Everyone either claims to be a full-service agency or hopes to be a full-service agency. Do you think full-service as a model works in a world where specialisation and super-specialisations are in demand?

We entered as a specialist agency in ’99. I’d be a hypocrite if I turned a blind eye to the benefits of running a specialist agency. But I think the definition of ‘full-service agency’ has been distorted. Most brands on an everyday basis don’t utilise the ‘full service’ nature of their agencies- they have no need to. So instead of accumulating infrequently used capabilities in-house, you can very well flaunt the ‘full service’ tag on your credentials by simply having a robust, dependable network of transparent outsourcing and supervision of projects that need it, partnering with specialists. It is a new reality which makes perfect economic sense to both us and the brands, without compromising (in fact, in most cases, accentuating) the output.  

Ten years ago when the digital space was not as developed as it is now, Webchutney was leading the Viral Marketing game. Now you are tapping into micro-influencers. Through dissimilar, the two modes of reach are critically dependent on people taking part in spreading the word. How crucial is influence to a digital marketing strategy? 

We’ve always looked at ambassadorship as a core part of branding. Until the 90s, celebrities- sports or film icons- reaped millions of out this. But they were never ‘actual customers’ of the product- we don’t know if Sachin actually drank Boost or every Bollywood female star bathed with Lux. Digital added authenticity into the mix. Now, on one side, ambassadorship isn’t singular- but more about a community of customers like you- and secondly, it isn’t an oversimplified endorsement. Influencers have broadened the definition of ambassadorship to a reflection of an authentic customer experience. So yes: not only is influence crucial, but it is a very real and effective substitute to the idea of endorsement and ambassadorship overall.

Influencer marketing itself has come under severe fire from leading marketers like Keith Weed. And with Twitter also constantly purging the system of locked profiles, where do you see the future of influencer marketing?

There will always be exceptions in the rising stage of an innovative marketing approach. But I don’t see influencer marketing going anywhere south because of it. For instance, the very visible ‘paid partnership’ callout which publishers and platforms (read: social media companies) have adopted for eliminated native advertising overall. Is that an inconvenience to boundary-less creative thinking? Maybe. Does it in the larger context aid the user? Definitely. So agencies and brands have both figured workarounds. Bottom line, influencer marketing is “e-word of mouth”. It’s only going to get bigger.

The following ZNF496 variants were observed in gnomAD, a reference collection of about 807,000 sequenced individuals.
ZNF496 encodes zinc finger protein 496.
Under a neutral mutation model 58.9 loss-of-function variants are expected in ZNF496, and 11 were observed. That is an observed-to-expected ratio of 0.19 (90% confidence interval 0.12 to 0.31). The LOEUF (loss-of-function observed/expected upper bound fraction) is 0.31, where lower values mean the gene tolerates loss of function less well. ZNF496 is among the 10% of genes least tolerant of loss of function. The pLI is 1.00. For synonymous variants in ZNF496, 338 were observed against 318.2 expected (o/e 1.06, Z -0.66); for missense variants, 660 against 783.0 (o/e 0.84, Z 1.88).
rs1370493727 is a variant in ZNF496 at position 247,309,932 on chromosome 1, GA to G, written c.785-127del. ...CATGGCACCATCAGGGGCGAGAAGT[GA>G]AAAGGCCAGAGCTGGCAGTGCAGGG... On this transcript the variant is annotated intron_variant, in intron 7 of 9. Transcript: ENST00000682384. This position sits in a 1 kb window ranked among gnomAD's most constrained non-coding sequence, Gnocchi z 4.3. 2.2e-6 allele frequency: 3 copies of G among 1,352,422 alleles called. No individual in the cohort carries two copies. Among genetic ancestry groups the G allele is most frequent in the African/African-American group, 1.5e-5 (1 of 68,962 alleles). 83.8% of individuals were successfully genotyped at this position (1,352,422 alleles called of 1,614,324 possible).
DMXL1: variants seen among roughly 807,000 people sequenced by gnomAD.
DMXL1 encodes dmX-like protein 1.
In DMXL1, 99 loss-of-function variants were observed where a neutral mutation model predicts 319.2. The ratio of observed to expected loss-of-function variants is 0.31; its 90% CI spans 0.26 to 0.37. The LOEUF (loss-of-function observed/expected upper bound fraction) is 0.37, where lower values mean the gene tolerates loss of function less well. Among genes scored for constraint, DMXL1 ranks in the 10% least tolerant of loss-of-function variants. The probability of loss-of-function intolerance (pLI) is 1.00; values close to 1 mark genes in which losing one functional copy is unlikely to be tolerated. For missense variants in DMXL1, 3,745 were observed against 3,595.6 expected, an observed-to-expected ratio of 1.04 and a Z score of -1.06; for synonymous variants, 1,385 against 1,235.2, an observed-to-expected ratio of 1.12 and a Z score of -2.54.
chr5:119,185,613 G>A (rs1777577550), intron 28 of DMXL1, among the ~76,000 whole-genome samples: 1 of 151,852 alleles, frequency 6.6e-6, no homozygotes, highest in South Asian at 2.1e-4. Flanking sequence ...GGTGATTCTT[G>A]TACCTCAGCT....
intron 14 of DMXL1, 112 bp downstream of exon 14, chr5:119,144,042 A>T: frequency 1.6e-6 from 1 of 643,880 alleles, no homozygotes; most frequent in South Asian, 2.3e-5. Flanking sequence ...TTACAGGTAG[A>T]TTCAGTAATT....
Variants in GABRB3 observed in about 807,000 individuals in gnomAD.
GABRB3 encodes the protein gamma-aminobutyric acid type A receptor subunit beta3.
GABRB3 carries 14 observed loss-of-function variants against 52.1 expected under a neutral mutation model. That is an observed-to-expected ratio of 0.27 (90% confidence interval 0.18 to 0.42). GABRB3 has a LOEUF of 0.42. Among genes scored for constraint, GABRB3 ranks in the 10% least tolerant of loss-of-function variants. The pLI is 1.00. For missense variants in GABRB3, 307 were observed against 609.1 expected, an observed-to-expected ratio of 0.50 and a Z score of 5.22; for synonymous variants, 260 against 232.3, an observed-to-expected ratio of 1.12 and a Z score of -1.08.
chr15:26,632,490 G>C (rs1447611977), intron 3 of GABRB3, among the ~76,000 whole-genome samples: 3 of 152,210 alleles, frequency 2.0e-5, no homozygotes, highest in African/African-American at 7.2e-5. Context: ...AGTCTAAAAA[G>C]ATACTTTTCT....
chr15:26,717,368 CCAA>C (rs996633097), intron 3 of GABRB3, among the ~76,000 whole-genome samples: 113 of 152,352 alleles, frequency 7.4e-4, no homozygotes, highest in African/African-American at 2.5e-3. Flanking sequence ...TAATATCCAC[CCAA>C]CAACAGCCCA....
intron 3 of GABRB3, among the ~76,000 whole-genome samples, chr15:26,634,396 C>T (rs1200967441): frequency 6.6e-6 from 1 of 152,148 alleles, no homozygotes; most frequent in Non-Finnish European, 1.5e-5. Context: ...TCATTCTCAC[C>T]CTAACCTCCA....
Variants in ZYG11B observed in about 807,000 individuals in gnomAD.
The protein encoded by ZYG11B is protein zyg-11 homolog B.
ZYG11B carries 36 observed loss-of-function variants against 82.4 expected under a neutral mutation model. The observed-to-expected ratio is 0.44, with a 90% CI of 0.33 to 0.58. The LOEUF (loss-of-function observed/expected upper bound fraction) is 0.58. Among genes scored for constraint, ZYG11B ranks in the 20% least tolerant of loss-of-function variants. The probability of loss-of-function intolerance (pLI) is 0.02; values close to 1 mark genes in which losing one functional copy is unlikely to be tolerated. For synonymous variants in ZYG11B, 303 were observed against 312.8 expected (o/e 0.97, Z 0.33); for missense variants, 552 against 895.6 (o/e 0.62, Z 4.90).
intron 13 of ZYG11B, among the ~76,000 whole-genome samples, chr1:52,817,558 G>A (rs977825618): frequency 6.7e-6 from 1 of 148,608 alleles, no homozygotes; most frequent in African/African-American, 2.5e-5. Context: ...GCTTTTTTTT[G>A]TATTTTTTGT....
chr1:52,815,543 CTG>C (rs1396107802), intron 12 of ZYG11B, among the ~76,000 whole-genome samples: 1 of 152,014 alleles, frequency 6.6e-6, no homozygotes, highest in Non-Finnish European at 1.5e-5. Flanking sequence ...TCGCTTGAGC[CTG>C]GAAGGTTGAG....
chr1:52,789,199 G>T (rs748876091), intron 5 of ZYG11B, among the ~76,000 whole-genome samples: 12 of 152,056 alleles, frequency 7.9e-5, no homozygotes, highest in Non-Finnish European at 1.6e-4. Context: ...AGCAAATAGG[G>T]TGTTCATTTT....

How do you address the talent deficit in the industry? How much time and effort do you as an agency invest in skilling and re-skilling talent?

Funnily enough, this was the topic of a session that Webchutney Bangalore’s Gautam Reghunath and PG Aditiya conducted at last year’s Spikes Asia. Meaning we have enough material on this particular question to cover close to an hour’s worth of conversation? 
TL; DR- Webchutney’s people are Webchutney, and that’s how it’s been for 20 years.

Management consultancies are acquiring digital agencies, and some brands are taking the digital media buying bit in-house. Of the various services that agencies offer, do you think digital is the most threatened? 

Webchutney’s credentials and capabilities have been re-invented every 2 years, over the last 2 decades. I’d say an open mind is my executive committee’s best friend. So, nothing for us poses a “long term” threat because we’re built in a way where we are nimble and dexterous in our decision making and implementation, no matter how large we grow. So, no, not really: digital isn’t under threat, it’s only begging to be optimized every once in a while.

How are you staving off the various threats, and what is your advice to other digital agencies to safeguard their businesses?

Carpe Diem, every day.